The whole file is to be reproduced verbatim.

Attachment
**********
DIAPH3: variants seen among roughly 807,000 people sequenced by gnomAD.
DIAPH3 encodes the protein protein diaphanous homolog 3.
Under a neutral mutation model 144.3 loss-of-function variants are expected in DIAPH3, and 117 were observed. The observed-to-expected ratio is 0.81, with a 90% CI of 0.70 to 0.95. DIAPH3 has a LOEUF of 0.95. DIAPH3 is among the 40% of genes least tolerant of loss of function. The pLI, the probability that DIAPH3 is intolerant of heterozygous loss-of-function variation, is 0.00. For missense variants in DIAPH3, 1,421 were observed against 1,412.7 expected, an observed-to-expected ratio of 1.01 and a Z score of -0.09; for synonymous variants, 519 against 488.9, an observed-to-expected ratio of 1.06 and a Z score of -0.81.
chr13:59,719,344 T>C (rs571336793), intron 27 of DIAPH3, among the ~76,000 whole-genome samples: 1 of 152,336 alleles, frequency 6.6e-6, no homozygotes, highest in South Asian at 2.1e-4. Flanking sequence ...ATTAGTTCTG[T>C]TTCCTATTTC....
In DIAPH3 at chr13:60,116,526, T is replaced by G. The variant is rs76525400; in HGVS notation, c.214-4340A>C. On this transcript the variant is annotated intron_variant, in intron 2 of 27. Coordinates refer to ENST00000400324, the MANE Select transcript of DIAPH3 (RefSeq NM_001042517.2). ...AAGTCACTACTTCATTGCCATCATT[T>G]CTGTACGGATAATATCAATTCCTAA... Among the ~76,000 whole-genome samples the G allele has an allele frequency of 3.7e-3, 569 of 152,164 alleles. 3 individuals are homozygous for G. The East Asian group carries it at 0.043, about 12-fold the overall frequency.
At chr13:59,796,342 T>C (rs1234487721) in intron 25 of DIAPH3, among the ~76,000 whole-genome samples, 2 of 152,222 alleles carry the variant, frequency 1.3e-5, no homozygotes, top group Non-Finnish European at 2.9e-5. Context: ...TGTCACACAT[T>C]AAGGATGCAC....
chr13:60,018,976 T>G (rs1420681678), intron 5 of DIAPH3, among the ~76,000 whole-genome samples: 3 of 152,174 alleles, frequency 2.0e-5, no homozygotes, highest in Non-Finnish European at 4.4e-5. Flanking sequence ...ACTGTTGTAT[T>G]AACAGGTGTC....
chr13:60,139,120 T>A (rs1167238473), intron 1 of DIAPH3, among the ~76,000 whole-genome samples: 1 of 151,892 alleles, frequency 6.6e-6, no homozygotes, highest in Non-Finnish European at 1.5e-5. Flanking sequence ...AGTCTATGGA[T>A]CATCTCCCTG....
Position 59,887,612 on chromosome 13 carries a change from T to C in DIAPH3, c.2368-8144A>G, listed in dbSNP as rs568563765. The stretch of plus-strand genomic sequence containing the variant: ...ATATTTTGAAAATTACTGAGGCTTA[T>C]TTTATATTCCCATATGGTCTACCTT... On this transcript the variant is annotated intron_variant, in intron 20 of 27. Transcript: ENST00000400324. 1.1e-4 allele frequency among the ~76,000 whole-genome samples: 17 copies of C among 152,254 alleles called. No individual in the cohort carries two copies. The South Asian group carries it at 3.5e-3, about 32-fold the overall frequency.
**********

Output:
DIAPH3: variants seen among roughly 807,000 people sequenced by gnomAD.
DIAPH3 encodes the protein protein diaphanous homolog 3.
Under a neutral mutation model 144.3 loss-of-function variants are expected in DIAPH3, and 117 were observed. The observed-to-expected ratio is 0.81, with a 90% CI of 0.70 to 0.95. DIAPH3 has a LOEUF of 0.95. DIAPH3 is among the 40% of genes least tolerant of loss of function. The pLI, the probability that DIAPH3 is intolerant of heterozygous loss-of-function variation, is 0.00. For missense variants in DIAPH3, 1,421 were observed against 1,412.7 expected, an observed-to-expected ratio of 1.01 and a Z score of -0.09; for synonymous variants, 519 against 488.9, an observed-to-expected ratio of 1.06 and a Z score of -0.81.
chr13:59,719,344 T>C (rs571336793), intron 27 of DIAPH3, among the ~76,000 whole-genome samples: 1 of 152,336 alleles, frequency 6.6e-6, no homozygotes, highest in South Asian at 2.1e-4. Flanking sequence ...ATTAGTTCTG[T>C]TTCCTATTTC....
In DIAPH3 at chr13:60,116,526, T is replaced by G. The variant is rs76525400; in HGVS notation, c.214-4340A>C. On this transcript the variant is annotated intron_variant, in intron 2 of 27. Coordinates refer to ENST00000400324, the MANE Select transcript of DIAPH3 (RefSeq NM_001042517.2). ...AAGTCACTACTTCATTGCCATCATT[T>G]CTGTACGGATAATATCAATTCCTAA... Among the ~76,000 whole-genome samples the G allele has an allele frequency of 3.7e-3, 569 of 152,164 alleles. 3 individuals are homozygous for G. The East Asian group carries it at 0.043, about 12-fold the overall frequency.
At chr13:59,796,342 T>C (rs1234487721) in intron 25 of DIAPH3, among the ~76,000 whole-genome samples, 2 of 152,222 alleles carry the variant, frequency 1.3e-5, no homozygotes, top group Non-Finnish European at 2.9e-5. Context: ...TGTCACACAT[T>C]AAGGATGCAC....
chr13:60,018,976 T>G (rs1420681678), intron 5 of DIAPH3, among the ~76,000 whole-genome samples: 3 of 152,174 alleles, frequency 2.0e-5, no homozygotes, highest in Non-Finnish European at 4.4e-5. Flanking sequence ...ACTGTTGTAT[T>G]AACAGGTGTC....
chr13:60,139,120 T>A (rs1167238473), intron 1 of DIAPH3, among the ~76,000 whole-genome samples: 1 of 151,892 alleles, frequency 6.6e-6, no homozygotes, highest in Non-Finnish European at 1.5e-5. Flanking sequence ...AGTCTATGGA[T>A]CATCTCCCTG....
Position 59,887,612 on chromosome 13 carries a change from T to C in DIAPH3, c.2368-8144A>G, listed in dbSNP as rs568563765. The stretch of plus-strand genomic sequence containing the variant: ...ATATTTTGAAAATTACTGAGGCTTA[T>C]TTTATATTCCCATATGGTCTACCTT... On this transcript the variant is annotated intron_variant, in intron 20 of 27. Transcript: ENST00000400324. 1.1e-4 allele frequency among the ~76,000 whole-genome samples: 17 copies of C among 152,254 alleles called. No individual in the cohort carries two copies. The South Asian group carries it at 3.5e-3, about 32-fold the overall frequency.